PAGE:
The National Organization for Marriage plans to spend $500,000 this weekend in an effort to reach 10 million people before Tuesday’s vote on gay marriage, the group announced Friday.

The robocalls will go out in Maine, Maryland, Washington, Wisconsin, Ohio and Pennsylvania.

The calls will be from James Dobson, founder of Focus on the Family; U.S. Sen. Marco Rubio, R-Fla.; and ex-Arkansas governor and Republican presidential candidate Mike Huckabee.

“These calls from leaders in public life will remind voters to go to the polls, to protect marriage, and to support public officials who will do the same,” Brian Brown, executive director of NOM, said in a news release.

National groups on both sides will continue to play an active role through Tuesday in Maine. On Thursday night, the president of the Human Rights Campaign, Chad Griffin, spoke at a pro-gay-marriage rally in Portland, as did the political director for Freedom to Marry.


There have been several national reports about Sensata Technologies in Freeport, Ill., where workers have been protesting the Bain Capital-owned company’s plans to close the facility and move its 170 manufacturing jobs to China.

Democratic activists have politicized the closing in an attempt to link it to Republican presidential hopeful Mitt Romney. Soon-to-be-unemployed workers at Sensata argue that Romney, who owns a controlling stake in Bain, will financially benefit from the outsourcing of American jobs.

So what does Sensata have to do with Maine? Prior to 2007, the manufacturer of sensors and controls for automobiles and airplanes had a plant in Standish that employed 200 people. Sensata decided to close the plant in January 2007, moving its operations and jobs to the Dominican Republic. Bain had purchased Sensata, formerly known as Texas Instruments Sensors and Controls, nine months earlier.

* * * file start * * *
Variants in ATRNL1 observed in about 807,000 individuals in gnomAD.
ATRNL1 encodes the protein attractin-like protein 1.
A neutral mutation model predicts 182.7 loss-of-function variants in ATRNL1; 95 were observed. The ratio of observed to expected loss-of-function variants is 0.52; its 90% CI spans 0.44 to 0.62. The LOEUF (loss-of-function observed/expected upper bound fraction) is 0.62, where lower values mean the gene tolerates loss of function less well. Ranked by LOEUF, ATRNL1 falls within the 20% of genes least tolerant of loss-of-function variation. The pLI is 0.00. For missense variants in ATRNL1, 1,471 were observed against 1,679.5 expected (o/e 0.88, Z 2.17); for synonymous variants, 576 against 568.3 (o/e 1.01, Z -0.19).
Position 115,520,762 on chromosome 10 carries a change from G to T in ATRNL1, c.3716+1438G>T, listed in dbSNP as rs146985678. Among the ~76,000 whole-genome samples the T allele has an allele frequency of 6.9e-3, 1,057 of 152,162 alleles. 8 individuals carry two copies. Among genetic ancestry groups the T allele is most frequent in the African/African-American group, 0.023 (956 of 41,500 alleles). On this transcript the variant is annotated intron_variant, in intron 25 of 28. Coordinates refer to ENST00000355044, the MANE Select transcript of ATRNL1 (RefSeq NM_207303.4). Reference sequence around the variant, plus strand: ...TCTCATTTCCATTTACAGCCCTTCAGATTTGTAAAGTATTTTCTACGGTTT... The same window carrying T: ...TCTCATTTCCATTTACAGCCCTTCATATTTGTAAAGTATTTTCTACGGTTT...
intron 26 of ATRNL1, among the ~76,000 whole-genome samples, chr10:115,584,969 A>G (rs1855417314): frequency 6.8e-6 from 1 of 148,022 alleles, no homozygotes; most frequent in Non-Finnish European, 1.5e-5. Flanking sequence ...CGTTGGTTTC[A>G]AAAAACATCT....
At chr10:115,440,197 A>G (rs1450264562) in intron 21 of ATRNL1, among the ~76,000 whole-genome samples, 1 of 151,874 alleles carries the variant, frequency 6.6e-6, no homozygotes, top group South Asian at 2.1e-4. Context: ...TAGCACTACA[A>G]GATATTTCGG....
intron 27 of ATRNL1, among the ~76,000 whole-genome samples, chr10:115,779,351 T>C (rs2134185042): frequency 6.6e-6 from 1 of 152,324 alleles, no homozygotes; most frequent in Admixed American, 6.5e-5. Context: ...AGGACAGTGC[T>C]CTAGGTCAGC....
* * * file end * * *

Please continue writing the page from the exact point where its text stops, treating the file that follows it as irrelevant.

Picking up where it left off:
Romney wasn’t calling the shots at Bain in 2007. He left the company in 2002 but continues to hold a financial stake in it.

According to reports in the Portland Press Herald, the U.S. Department of Labor gave the state $780,000 for worker retraining efforts after the company left.

Some have suggested that the plant closing also played into the 2007 presidential election. A story in the Portland Press Herald quoted local officials who suggested that Sensata’s departure may have been a reason that Barack Obama carried the typically Republican-leaning Standish district.


Former Gov. Angus King has picked up the endorsement of the other half of the Simpson-Bowles deficit-reduction duo.

Former Republican Sen. Alan Simpson of Wyoming has endorsed King, the King campaign announced Wednesday.

Simpson, a former assistant Republican leader in the Senate, co-chaired the bipartisan deficit reduction task force that came to be known as the Simpson-Bowles Commission. The commission’s plan calls for a combination of spending cuts, tax reform and tax increases. It wasn’t adopted by Congress but is still shaping the debate about debt reduction in Washington.

The other co-chair, Erskine Bowles, is a Democrat and former chief of staff to President Clinton. Bowles endorsed King earlier in the campaign and came to Portland in September to appear at a King campaign event focusing on the debt and deficit.

King has called the commission’s plan a good framework for congressional action, but says he does not agree with all of its proposals.

Simpson, like Bowles, said King’s status as a moderate independent and his experience as an independent governor could help him serve as a bridge in Congress.

“Today, Congress’ sterile inability to make important compromises is truly threatening the state of our nation,” Simpson said in a statement released by the King campaign.

Staff Writer Steve Mistler can be reached at 791-6345 or: [email protected]

On Twitter: @stevemistler

Staff Writer John Richardson can be reached at 791-6324 or at: [email protected]

On Twitter: @jrichmaine

Staff Writer Susan Cover can be contacted at 621-5643 or at: [email protected]

On Twitter: @smcover


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